For decades, excellent academic research about Arab countries, especially Yemen, entailed ethnographic investigation via participant observation, first-hand interviews, and reading local archives. International scholars in anthropology, political science, and other fields needed to spend months or even years “in the field” in order to gather first-hand evidence, and, indeed, to obtain research grants.
Those days are gone. Safety concerns, visa limitations, and suspension of air traffic now prevent expatriate, university-based academic researchers – or news reporters from international media, for that matter – from conducting field research in most parts of Yemen since 2015.
The implications of this circumstance for Yemeni studies are multifaceted and at least somewhat paradoxical. As opportunities for foreigners to carry out research in the country shrank, interest in research on Yemen swelled. A look at the annual meeting program of the 2018 Middle East Studies Association of North America (MESA) illustrates both points. In one panel, experts Susanne Dahlgren, Marina de Regt, and Nathalie Peutz discussed challenges, dilemmas, and prospects for continuing anthropological inquiry on an already familiar place that has become a “no go zone.” Field interviews with refugees in East Africa or other diaspora communities and the telling of life stories are fruitful, as are phone interviews with contacts.
Overall, indicating rising interest, the number of scholarly papers about Yemen by both seasoned and junior scholars at the 2018 MESA meeting broke all previous records. Recent original research has tapped overseas historical archives, visual materials, poetry, music, digital methodologies, maps, and past data available from United Nations (UN) agencies. The British Society for Middle Eastern Studies (BRISMES) website does not offer program details but does mention digital humanities and special analysis as well as language, literature, and classical texts.
The constraints on field research do not only affect foreigners; Yemeni scholars’ domestic mobility is limited too. With many universities and research centers shuttered, local researchers face obstacles to survey work in fields ranging from archaeology to sociology to zoology. Roads are bombed out. Armed militia impose checkpoints, extort ransoms, or take hostages. Electrical power and fuel for vehicles are scarce. Cholera and other water-borne maladies are rampant in some regions.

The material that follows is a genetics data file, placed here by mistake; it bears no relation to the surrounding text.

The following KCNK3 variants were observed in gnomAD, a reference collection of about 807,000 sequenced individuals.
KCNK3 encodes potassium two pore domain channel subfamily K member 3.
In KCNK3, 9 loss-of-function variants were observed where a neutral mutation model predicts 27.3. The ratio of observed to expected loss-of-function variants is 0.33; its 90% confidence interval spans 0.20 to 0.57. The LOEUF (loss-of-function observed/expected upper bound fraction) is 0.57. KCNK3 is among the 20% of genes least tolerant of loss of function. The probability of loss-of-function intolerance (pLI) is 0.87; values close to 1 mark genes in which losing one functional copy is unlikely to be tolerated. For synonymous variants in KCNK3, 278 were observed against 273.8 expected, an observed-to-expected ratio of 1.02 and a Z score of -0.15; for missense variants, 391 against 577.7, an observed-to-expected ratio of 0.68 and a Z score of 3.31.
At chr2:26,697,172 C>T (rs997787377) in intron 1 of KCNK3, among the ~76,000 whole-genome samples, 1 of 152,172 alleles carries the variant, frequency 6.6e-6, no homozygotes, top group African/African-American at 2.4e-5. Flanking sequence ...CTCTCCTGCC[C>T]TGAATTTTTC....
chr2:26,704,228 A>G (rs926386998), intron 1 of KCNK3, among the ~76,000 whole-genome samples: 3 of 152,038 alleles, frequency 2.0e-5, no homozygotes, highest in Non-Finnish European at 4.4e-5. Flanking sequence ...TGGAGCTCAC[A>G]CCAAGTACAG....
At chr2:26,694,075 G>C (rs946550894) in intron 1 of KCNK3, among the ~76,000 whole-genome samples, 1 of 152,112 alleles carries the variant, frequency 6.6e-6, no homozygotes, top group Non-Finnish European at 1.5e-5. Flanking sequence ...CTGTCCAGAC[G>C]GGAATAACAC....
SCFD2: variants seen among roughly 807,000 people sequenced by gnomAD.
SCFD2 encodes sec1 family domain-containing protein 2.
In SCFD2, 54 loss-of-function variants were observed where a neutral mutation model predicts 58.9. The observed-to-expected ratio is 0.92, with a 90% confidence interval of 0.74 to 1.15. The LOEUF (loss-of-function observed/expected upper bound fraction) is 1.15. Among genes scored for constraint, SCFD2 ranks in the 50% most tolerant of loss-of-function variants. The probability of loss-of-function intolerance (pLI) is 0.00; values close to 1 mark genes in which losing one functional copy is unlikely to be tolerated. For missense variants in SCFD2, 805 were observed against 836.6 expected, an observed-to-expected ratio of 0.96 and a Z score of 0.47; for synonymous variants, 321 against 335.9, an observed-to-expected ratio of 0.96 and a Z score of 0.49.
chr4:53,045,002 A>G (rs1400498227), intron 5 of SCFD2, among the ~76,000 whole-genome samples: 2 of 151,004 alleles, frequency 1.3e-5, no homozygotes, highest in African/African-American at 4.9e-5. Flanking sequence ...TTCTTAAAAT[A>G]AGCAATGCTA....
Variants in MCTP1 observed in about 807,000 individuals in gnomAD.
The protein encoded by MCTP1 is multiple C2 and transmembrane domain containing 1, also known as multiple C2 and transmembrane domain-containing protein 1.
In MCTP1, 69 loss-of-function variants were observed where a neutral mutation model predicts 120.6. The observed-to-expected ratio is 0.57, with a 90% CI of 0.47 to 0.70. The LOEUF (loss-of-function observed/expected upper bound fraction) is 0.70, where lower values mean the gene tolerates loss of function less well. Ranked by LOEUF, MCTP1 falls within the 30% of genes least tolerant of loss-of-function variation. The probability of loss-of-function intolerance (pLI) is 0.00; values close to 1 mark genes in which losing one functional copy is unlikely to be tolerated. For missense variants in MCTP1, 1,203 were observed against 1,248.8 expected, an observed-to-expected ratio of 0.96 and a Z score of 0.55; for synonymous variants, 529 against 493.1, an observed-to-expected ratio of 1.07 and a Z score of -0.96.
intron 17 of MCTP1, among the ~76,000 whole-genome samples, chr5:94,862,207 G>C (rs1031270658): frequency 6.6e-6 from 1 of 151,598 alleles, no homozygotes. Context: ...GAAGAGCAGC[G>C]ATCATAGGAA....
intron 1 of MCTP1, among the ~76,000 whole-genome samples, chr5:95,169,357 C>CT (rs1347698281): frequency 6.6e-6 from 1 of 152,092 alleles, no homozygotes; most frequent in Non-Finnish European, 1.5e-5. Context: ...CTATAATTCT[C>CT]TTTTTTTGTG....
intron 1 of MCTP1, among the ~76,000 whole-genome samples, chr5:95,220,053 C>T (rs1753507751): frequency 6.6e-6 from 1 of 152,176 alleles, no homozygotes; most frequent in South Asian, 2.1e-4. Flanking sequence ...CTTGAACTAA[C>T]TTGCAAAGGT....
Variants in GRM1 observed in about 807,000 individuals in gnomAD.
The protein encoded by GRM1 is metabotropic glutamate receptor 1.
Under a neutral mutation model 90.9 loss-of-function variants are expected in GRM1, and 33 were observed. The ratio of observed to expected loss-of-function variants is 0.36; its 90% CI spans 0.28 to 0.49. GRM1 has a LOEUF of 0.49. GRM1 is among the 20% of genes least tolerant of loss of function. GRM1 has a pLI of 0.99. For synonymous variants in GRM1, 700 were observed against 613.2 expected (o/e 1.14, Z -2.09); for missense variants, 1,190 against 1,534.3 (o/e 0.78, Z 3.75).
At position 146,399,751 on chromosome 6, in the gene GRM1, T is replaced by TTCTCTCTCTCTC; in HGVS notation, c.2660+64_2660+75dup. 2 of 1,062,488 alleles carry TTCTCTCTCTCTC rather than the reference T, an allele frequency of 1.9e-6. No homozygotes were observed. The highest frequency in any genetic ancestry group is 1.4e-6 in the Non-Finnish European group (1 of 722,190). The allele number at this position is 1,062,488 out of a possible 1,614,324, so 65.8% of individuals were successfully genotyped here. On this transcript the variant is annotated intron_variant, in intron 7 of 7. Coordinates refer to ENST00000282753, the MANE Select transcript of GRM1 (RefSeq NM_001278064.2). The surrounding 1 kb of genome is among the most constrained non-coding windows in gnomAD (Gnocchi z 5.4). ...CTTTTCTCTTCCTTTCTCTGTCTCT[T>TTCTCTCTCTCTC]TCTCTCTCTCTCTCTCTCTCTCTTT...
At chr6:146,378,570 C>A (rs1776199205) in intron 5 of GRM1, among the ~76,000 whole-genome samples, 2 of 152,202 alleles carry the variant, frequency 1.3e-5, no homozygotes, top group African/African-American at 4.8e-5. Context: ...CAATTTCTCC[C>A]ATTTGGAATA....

Nor do we have access to reliable quantitative data from what has become an information desert. For instance, the Ministry of Health enumerated 10,000 casualties (deaths and injuries) as of October 2016, including both civilians and combatants. That figure remained static, and widely cited in international media, for over two years of constant warfare, because the Ministry stopped recording fatalities and hospital visits. The nominally Aden-based government’s suspension of civil service salaries likewise suspended other ministries’ capacity to produce the socio-economic indicators UN and World Bank annual reports list.
Apart from research intended to reach academic audiences, policy-oriented studies are proliferating, and many of them are in security studies. Significant efforts to gather data about the war itself include two databanks. The Yemen Data Project (YDP), founded in 2016 in-country with grants from international donors, tracks coalition airstrikes utilizing open source materials including local and international news outlets; Twitter, Facebook, YouTube and WhatsApp; reports from international and national NGOs; official records from local authorities; and reports by international human rights groups including Amnesty International and Human Rights Watch. Cross-referencing as much as possible, they compile a dataset in Excel listing the type and location of targets that is available to academic researchers. The UN-based Civilian Impact Monitoring Project began in late 2017 using a similar methodology to enumerate civilian casualties and damage to civilian structures and infrastructures from all types of armed warfare in five regions. The information gathered by the two sources is quite different, but they each provide map-able, quantitative data for scholars and policy analysts alike.
The call for papers for the 2019 Exeter University Gulf Conference, entitled “Zones of Theory in the Study of Yemen”, notes that research published recently has tended to focus on (in)security and strategic policy – which, I would add, tends to rely on military intelligence or analysis. The implication, well warranted, is twofold. First, reports from policy-oriented think tanks like Chatham House and the International Crisis Group, which employ full-time Yemen specialists, along with terrorism-focused institutions like the Brookings Institution, the Jamestown Foundation and the publically-funded National Counterterrorism Center, eclipsed theory-driven scholarship. These reports are detailed, annotated from English sources, and usually factually accurate.
However, policy paper focus most of all on contemporary conflicts, rather than Yemeni history, geography, religion or local culture. Secondly, many of us professors departed from formal scholarship to pen op-eds or columns for mainstream or dissident media about US, UK, or other NATO-country arms sales or military support for the Saudi-UAE assault on the poorest country on the Arabian Peninsula. Mostly we ranted against arms sales and other forms of support for the Saudi-led coalition, or attempted to correct misstatements in the mass media, for instance about the Houthis, sectarian conflict, and specters of Iranian involvement.
Thus, we see, both beyond and within academia, the securitization of Yemeni studies.